15 November 2007

Tai'shan - sacred mountain: CONQUERED!

Not wanting to spend all my time hitting major cities and the usual tourist attractions, I decided to stop at Tai'an city, jumping off point for pilgrimages to the top of Tai'shan, the holiest Taoist mountain in China. I took a sleeper train from Beijing and got off at around 6 am with no Chinese language ability to see me through the beginning of my provincial adventure. Predictably, I was netted by a taxi driver ten steps outside the station (slow for China). I "told" him which hotel I wanted him to take me to, but he said that it had closed and recommended a different, much more expensive one. I told him I wanted to go to my selection anyway to see for myself because I was pretty sure he was a filthy liar. He seemed to refuse. So I found another driver. Again, I produced my map and I think jabbed my finger at it fairly convincingly. After telling him several times that I don't understand Chinese, he kept speaking Chinese to me. And he took me to two very nice hotels anyway. "Very nice," I said, because I know this one in Chinese, but "too expensive" I indicated in my phrasebook. I don't stay at very nice or even adequately nice hotels. Still, he kept yammering away in Chinese, occasionally jabbing his own finger into my shoulder either to get my attention or emphasize points that escaped me. He was also a close talker. I had to keep moving back, and he would then move into me again. In retrospect, this all seems kind of funny, so I'm writing about it now at unecessary length. Finally, my early morning patience circuits fried, I gave him the universal f*ck off wave of dismissal, and decided to walk to my hotel, which was not closed, and which cost a whopping $9 after negotiation. The climb itself was OK. It reminded me a little of Sam Mountain in Vietnam. Again, low visibility, but not too many people, either, which was nice. A guy at the halfway point told me it would definitely take 2 hours more to get to the top. Ironman did it in 45 minutes.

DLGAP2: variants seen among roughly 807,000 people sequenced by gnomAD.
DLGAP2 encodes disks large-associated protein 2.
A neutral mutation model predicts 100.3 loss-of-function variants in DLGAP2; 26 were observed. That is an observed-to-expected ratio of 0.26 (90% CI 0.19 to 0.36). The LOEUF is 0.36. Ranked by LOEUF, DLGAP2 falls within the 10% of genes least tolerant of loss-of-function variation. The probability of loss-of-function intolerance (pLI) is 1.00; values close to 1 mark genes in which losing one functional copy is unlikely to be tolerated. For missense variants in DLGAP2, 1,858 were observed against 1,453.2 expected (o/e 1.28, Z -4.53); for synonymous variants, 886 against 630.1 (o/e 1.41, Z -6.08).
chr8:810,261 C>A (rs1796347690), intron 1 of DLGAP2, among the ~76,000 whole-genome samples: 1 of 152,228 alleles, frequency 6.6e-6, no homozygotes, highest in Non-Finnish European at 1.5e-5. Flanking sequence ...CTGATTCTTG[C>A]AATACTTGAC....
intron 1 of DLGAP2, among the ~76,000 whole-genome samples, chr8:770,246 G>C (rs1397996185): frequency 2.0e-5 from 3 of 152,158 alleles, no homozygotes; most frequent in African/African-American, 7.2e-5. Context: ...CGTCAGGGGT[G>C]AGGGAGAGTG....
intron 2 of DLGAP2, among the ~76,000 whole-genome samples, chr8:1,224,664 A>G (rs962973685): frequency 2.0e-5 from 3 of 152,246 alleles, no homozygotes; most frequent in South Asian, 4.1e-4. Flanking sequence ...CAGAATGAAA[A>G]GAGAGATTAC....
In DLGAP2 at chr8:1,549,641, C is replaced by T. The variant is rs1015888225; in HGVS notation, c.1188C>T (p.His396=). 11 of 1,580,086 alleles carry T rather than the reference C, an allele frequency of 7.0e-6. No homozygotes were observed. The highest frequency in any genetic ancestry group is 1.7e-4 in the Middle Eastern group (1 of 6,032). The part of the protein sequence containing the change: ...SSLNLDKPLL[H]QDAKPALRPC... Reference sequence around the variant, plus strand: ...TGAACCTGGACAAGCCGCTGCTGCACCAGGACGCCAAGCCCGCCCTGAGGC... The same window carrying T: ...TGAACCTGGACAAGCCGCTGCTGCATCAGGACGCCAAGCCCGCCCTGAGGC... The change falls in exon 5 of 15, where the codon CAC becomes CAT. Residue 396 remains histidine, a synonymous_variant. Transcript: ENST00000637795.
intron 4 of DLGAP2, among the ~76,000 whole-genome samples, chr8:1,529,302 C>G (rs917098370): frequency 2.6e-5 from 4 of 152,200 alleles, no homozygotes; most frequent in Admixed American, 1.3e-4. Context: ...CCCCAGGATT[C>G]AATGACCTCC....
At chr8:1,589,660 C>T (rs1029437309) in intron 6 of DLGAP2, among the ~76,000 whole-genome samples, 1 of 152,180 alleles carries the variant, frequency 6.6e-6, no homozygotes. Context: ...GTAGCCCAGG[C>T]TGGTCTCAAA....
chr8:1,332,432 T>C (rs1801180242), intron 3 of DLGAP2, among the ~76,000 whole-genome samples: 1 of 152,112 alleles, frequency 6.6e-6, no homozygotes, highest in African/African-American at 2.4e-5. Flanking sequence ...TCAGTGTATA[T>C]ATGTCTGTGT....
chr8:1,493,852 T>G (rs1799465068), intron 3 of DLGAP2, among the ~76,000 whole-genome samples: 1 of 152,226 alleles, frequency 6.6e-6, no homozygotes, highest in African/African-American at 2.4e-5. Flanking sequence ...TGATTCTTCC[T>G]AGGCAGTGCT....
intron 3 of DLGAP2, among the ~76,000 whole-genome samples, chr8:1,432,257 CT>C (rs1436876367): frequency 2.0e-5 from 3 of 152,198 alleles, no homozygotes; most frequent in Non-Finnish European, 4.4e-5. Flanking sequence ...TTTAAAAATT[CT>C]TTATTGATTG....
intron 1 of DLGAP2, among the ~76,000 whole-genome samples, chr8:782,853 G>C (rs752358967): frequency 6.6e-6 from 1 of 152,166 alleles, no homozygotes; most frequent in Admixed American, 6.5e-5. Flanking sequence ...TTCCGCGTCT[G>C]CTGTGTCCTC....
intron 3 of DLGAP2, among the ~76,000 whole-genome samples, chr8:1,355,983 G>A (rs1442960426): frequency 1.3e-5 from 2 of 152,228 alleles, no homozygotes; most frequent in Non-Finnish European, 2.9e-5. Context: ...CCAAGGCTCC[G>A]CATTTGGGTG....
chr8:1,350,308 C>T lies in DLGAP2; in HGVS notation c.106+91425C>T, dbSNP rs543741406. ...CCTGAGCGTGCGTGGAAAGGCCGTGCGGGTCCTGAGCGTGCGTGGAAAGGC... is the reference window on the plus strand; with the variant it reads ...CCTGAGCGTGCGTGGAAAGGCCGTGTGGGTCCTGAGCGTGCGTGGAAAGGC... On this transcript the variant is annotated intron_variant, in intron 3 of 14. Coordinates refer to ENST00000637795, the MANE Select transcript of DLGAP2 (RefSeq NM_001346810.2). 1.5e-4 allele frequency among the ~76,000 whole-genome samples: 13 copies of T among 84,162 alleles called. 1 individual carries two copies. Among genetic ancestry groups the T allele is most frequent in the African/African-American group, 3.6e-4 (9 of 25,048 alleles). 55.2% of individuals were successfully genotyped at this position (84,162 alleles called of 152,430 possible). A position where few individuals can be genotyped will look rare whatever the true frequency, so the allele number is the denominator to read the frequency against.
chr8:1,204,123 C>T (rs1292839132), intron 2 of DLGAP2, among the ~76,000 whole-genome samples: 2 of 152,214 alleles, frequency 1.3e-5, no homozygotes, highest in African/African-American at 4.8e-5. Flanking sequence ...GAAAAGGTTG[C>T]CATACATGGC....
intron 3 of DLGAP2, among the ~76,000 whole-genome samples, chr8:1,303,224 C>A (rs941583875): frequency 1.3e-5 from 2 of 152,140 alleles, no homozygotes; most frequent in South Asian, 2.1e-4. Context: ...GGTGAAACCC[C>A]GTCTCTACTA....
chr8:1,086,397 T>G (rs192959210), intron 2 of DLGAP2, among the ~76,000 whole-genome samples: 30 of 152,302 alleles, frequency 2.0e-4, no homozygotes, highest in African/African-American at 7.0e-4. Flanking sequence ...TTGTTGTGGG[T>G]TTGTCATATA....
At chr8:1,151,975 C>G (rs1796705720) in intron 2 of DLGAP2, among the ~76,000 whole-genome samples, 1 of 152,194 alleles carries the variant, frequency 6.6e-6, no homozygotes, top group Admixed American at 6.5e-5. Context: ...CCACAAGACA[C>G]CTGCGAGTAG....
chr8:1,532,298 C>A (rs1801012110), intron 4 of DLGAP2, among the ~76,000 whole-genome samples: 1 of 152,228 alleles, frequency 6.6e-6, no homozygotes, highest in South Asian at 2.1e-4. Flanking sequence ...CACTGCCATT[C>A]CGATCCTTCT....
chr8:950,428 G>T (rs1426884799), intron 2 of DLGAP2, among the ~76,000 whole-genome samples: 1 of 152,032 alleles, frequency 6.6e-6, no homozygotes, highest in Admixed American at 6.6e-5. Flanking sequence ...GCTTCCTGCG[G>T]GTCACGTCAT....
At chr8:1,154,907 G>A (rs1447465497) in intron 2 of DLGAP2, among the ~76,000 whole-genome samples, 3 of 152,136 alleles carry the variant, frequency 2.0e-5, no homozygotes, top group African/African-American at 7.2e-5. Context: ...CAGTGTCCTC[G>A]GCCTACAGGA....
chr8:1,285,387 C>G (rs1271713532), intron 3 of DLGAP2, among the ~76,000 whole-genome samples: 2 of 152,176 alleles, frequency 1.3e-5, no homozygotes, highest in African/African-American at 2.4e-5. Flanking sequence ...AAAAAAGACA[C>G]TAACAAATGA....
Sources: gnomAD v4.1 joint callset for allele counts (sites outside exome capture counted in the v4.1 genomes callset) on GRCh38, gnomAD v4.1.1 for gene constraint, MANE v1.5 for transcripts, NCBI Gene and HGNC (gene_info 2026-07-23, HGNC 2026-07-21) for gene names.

By the way, people here definitely stare. This is Shandong, not Beijing. Some of them laugh at me, too, but I think it's because I wear a funny hat from Peru.

1 comment:

Alix said...

Hey Steve,
I've been out of touch with your blog, but I just tried to catch up

I LOVE the dialogue you wrote from the POV of the waitress. Fantastic. Seradis-like, but better.

Must get on with my day and do yoga. I hope that you'll write more detail about the *food* you are eating?